Conservative Environmentalism

I’ve been explicitly concerned about the environment since I was a hippy in my late teens. As I evolved from hippy to punk in my early 20’s, I took my environmental concern with me. I recall when the accuracy of Al Gore’s An Inconvenient Truth came under skepticism, my reaction was that even if it wasn’t all true, it was okay because the world needed to be shocked into action. More on that later.

I was also a liberal throughout this time. In addition to heavy-handed government to stop environmental degradation, I also wanted single-payer health care, and government redistribution of wealth. Without irony, I also considered myself something of an anarchist while advocating these positions, and probably would have participated in Black Bloc activism had the opportunity presented itself (similarly, I was sympathetic to Earth First! style environmental terrorism).

Around 2009, through a complex series of reconsiderations, I developed a more conservative worldview. This involved transitions from revolutionary to a return to first principals and, importantly, from looking to government for answers to advocacy of limited government.

While my concern for the environment was unabated, my previous thoughts on policy implementation were no longer acceptable, so most of my advocacy was on the personal level: composting, recycling, rain barrel, prudent consumerism, riding my bike to work, organic and local food, etc.

Compounding my change of ideas about heavy handed government initiatives, I developed a skepticism toward much of the current environmental movement. For example, if you’ve never heard of Agenda 21, it’s a bona fide UN action plan for sustainable development, which many consider (perhaps conspiratorially) to be quite sinister:

Regardless of the validity of that, it’s clear that, hypothetically, if power hungry people want to control the masses, fear of environmental threats are a good way to do that (see State of Fear by Michael Crichten.) And that gives me pause when considering the dishonest alarmism found in An Inconvenient Truth and elsewhere. Also troubling is the tendency to call skeptics of anthropogenic global warming, “deniers, ” as President Obama and Al Gore have done, and is all over social media. Specifically:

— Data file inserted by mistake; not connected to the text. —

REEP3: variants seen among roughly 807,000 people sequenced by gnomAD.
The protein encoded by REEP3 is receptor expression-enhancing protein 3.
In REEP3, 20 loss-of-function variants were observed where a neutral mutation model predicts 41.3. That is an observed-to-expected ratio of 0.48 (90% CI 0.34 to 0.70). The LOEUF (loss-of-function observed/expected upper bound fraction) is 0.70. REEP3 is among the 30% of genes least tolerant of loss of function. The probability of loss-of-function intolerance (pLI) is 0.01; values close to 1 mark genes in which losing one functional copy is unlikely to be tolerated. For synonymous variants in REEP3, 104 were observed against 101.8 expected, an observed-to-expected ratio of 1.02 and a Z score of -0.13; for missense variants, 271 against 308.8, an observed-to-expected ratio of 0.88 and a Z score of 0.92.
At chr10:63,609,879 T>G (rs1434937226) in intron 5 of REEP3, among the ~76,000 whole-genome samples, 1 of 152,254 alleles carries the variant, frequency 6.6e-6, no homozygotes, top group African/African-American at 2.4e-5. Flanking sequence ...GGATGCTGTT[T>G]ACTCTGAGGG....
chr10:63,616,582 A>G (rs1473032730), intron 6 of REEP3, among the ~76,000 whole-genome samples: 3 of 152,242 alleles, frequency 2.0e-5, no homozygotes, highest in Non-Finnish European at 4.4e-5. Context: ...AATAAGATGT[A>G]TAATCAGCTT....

1. No one wins arguments by calling their opponent the equivalent of an idiot, which calls into question whether they are interested in conversation or just division.
  2. Even assuming that there is nothing to the claims of scientific malfeasance by the IPCC and others, the claim of near certainty of our effect on the climate is bold. It just is. We’ve seen the climate bounce back and forth between extremes in pre-history without our influence, we can’t accurately predict the weather a month in advance, but the idea that current climate changes may not be anthropogenic is completely unreasonable?
  3. Even if there wasn’t scientific consensus on global cooling in the 1970’s, the fact that it got high profile coverage understandably increases public distrust.
  4. Personal experience can also add to reasonable misgivings. In Indiana, we’re having the coldest winter in years, climate scientists got their boat stuck in the Antarctic, but the earth is warming? And I know how the warming is supposed to cause erratic weather and that a polar vortex (and/or the Sun falling asleep) apparently caused our cold winter, but how can you be surprised when the average non-scientist is dubious?
  5. Given this context, using AGW as a litmus test is imprudent in and of itself. Despite any anecdotal evidence, I believe the earth is likely warming and can even entertain that human activity may be contributing to that, but I understand those who are more skeptical and believe they may be more receptive to a concept such as environmental stewardship.
  6. The litmus test and crisis aspects of the debate seem to preclude any real discussion of policy. For example, before going all-in on wind energy, should we consider the implications of displacing farmland and killing birds? Do those who derisively call AGW skeptics “deniers” have a “consensus” on ethanol or nuclear energy?

So where was I? Oh yeah, concerned for the environment, but not necessarily trusting its spokespeople and pretty much just going with the-personal-is-political.

I then (2010) discovered Robert Bryce, who brought attention to the amazing progress we’ve made in efficiencies and the importance of energy density.  He doesn’t deny the (literal) limits of fossil fuels, but gives them credit for lifting (and keeping) populations out of poverty. He considers traditional fossil fuels a bridge to N2N (natural gas to nuclear).

So I was pretty copacetic with my personal and policy environmental policy until the West Viginia spill. It begs for greater oversight and a more complex response than, “I’m annoyed by your mindless devotion to environmental fear-mongering.”

It’s getting late, so I’ll postpone my thoughts on solutions to another post.

 

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